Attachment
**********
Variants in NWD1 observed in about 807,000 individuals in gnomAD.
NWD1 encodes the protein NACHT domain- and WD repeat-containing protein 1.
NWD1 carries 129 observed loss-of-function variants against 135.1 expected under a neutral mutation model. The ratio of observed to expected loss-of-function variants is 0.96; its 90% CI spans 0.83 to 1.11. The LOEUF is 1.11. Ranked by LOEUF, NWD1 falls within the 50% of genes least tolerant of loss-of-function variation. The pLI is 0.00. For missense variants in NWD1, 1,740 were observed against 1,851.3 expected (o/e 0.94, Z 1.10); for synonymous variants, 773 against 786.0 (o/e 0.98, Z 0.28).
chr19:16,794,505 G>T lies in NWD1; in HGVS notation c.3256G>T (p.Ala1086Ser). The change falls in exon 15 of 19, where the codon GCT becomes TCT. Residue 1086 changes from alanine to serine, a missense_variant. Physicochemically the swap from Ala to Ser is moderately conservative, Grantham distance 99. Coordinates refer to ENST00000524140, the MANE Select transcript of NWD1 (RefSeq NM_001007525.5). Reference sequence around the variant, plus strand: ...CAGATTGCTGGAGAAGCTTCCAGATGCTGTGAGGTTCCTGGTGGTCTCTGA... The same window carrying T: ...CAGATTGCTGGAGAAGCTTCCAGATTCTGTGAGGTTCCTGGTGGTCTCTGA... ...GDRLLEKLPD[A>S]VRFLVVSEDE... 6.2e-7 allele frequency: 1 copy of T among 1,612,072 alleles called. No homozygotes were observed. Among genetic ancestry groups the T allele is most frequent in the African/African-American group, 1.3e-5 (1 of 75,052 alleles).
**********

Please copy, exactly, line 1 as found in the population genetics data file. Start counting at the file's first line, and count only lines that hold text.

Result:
Variants in NWD1 observed in about 807,000 individuals in gnomAD.